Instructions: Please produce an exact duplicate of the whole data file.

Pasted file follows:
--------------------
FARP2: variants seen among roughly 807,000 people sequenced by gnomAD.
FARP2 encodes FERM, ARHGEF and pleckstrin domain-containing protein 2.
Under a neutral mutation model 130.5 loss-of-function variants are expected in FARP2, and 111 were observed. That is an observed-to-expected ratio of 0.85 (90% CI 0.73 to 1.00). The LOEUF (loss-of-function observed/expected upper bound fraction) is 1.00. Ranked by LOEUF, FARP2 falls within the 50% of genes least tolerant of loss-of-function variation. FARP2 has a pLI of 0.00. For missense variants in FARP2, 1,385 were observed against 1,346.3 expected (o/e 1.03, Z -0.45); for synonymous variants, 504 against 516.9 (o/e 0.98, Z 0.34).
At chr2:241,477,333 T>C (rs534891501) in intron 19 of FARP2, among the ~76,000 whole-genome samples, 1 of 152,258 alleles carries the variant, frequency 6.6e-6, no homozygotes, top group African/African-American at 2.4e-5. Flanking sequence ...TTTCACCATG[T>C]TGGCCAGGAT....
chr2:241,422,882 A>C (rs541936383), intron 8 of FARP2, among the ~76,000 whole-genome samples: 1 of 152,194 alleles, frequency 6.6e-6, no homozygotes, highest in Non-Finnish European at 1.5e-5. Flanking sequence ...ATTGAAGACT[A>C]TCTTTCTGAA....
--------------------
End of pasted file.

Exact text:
FARP2: variants seen among roughly 807,000 people sequenced by gnomAD.
FARP2 encodes FERM, ARHGEF and pleckstrin domain-containing protein 2.
Under a neutral mutation model 130.5 loss-of-function variants are expected in FARP2, and 111 were observed. That is an observed-to-expected ratio of 0.85 (90% CI 0.73 to 1.00). The LOEUF (loss-of-function observed/expected upper bound fraction) is 1.00. Ranked by LOEUF, FARP2 falls within the 50% of genes least tolerant of loss-of-function variation. FARP2 has a pLI of 0.00. For missense variants in FARP2, 1,385 were observed against 1,346.3 expected (o/e 1.03, Z -0.45); for synonymous variants, 504 against 516.9 (o/e 0.98, Z 0.34).
At chr2:241,477,333 T>C (rs534891501) in intron 19 of FARP2, among the ~76,000 whole-genome samples, 1 of 152,258 alleles carries the variant, frequency 6.6e-6, no homozygotes, top group African/African-American at 2.4e-5. Flanking sequence ...TTTCACCATG[T>C]TGGCCAGGAT....
chr2:241,422,882 A>C (rs541936383), intron 8 of FARP2, among the ~76,000 whole-genome samples: 1 of 152,194 alleles, frequency 6.6e-6, no homozygotes, highest in Non-Finnish European at 1.5e-5. Flanking sequence ...ATTGAAGACT[A>C]TCTTTCTGAA....